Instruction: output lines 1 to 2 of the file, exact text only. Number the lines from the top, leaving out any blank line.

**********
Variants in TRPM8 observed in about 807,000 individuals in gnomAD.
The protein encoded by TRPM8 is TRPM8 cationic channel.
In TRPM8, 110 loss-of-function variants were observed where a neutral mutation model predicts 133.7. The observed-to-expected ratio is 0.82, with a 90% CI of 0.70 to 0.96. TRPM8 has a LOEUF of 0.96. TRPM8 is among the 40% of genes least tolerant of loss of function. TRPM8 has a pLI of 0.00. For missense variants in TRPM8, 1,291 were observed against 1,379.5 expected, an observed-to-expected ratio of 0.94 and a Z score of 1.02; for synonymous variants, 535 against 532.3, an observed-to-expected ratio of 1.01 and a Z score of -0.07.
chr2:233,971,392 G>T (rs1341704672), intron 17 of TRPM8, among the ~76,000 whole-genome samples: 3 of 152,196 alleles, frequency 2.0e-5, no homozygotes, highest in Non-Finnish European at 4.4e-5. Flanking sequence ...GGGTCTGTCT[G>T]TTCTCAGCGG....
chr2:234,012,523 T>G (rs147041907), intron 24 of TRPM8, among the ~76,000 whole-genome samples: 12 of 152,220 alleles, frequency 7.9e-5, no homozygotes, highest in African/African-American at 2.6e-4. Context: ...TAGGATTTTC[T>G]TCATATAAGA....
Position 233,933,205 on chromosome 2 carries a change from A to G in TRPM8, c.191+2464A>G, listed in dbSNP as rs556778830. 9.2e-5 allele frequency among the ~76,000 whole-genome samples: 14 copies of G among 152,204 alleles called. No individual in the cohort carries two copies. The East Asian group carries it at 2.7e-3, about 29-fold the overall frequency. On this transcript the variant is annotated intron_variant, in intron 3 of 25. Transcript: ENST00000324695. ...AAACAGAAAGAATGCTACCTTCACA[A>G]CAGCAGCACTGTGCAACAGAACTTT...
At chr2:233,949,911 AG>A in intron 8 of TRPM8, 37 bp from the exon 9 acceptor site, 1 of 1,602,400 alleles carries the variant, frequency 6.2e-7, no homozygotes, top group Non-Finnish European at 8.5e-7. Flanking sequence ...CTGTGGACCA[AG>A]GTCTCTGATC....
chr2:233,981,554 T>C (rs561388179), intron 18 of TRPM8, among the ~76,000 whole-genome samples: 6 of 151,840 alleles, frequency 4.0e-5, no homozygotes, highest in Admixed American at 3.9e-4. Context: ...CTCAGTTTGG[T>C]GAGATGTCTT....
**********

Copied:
Variants in TRPM8 observed in about 807,000 individuals in gnomAD.
The protein encoded by TRPM8 is TRPM8 cationic channel.